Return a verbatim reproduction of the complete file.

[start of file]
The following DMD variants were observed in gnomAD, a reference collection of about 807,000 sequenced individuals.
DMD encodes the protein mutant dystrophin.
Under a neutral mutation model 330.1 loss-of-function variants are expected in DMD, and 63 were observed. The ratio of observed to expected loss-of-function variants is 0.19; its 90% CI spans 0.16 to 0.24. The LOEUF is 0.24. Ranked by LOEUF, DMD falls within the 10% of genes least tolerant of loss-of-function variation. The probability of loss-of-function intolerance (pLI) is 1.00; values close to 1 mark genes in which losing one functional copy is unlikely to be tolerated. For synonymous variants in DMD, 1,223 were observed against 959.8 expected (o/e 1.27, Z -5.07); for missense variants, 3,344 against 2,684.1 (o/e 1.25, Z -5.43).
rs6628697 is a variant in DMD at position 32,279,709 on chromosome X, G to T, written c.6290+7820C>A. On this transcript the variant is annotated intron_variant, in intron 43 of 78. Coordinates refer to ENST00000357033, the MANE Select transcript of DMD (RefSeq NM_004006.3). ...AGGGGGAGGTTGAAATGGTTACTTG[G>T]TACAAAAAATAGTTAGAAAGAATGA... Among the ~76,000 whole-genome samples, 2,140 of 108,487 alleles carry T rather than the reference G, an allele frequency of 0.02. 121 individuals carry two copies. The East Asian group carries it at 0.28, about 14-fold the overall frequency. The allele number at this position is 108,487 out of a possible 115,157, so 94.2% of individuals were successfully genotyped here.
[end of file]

The following DMD variants were observed in gnomAD, a reference collection of about 807,000 sequenced individuals.
DMD encodes the protein mutant dystrophin.
Under a neutral mutation model 330.1 loss-of-function variants are expected in DMD, and 63 were observed. The ratio of observed to expected loss-of-function variants is 0.19; its 90% CI spans 0.16 to 0.24. The LOEUF is 0.24. Ranked by LOEUF, DMD falls within the 10% of genes least tolerant of loss-of-function variation. The probability of loss-of-function intolerance (pLI) is 1.00; values close to 1 mark genes in which losing one functional copy is unlikely to be tolerated. For synonymous variants in DMD, 1,223 were observed against 959.8 expected (o/e 1.27, Z -5.07); for missense variants, 3,344 against 2,684.1 (o/e 1.25, Z -5.43).
rs6628697 is a variant in DMD at position 32,279,709 on chromosome X, G to T, written c.6290+7820C>A. On this transcript the variant is annotated intron_variant, in intron 43 of 78. Coordinates refer to ENST00000357033, the MANE Select transcript of DMD (RefSeq NM_004006.3). ...AGGGGGAGGTTGAAATGGTTACTTG[G>T]TACAAAAAATAGTTAGAAAGAATGA... Among the ~76,000 whole-genome samples, 2,140 of 108,487 alleles carry T rather than the reference G, an allele frequency of 0.02. 121 individuals carry two copies. The East Asian group carries it at 0.28, about 14-fold the overall frequency. The allele number at this position is 108,487 out of a possible 115,157, so 94.2% of individuals were successfully genotyped here.